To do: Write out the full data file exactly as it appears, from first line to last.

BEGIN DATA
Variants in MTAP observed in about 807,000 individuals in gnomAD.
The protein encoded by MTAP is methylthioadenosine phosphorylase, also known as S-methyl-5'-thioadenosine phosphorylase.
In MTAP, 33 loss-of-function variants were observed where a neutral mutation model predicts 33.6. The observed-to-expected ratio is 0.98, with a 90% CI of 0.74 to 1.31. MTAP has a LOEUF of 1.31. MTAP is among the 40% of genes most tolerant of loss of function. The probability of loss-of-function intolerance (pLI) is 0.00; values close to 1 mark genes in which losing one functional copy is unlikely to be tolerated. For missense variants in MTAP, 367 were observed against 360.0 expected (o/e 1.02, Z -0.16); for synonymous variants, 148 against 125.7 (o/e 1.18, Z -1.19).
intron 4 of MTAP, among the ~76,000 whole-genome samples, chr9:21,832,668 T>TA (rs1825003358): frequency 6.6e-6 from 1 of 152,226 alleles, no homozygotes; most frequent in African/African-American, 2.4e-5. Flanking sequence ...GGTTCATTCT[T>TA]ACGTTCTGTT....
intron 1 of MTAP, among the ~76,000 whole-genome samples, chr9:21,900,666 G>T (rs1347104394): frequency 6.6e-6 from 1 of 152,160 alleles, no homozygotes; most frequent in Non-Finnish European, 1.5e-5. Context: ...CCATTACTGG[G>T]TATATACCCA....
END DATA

Variants in MTAP observed in about 807,000 individuals in gnomAD.
The protein encoded by MTAP is methylthioadenosine phosphorylase, also known as S-methyl-5'-thioadenosine phosphorylase.
In MTAP, 33 loss-of-function variants were observed where a neutral mutation model predicts 33.6. The observed-to-expected ratio is 0.98, with a 90% CI of 0.74 to 1.31. MTAP has a LOEUF of 1.31. MTAP is among the 40% of genes most tolerant of loss of function. The probability of loss-of-function intolerance (pLI) is 0.00; values close to 1 mark genes in which losing one functional copy is unlikely to be tolerated. For missense variants in MTAP, 367 were observed against 360.0 expected (o/e 1.02, Z -0.16); for synonymous variants, 148 against 125.7 (o/e 1.18, Z -1.19).
intron 4 of MTAP, among the ~76,000 whole-genome samples, chr9:21,832,668 T>TA (rs1825003358): frequency 6.6e-6 from 1 of 152,226 alleles, no homozygotes; most frequent in African/African-American, 2.4e-5. Flanking sequence ...GGTTCATTCT[T>TA]ACGTTCTGTT....
intron 1 of MTAP, among the ~76,000 whole-genome samples, chr9:21,900,666 G>T (rs1347104394): frequency 6.6e-6 from 1 of 152,160 alleles, no homozygotes; most frequent in Non-Finnish European, 1.5e-5. Context: ...CCATTACTGG[G>T]TATATACCCA....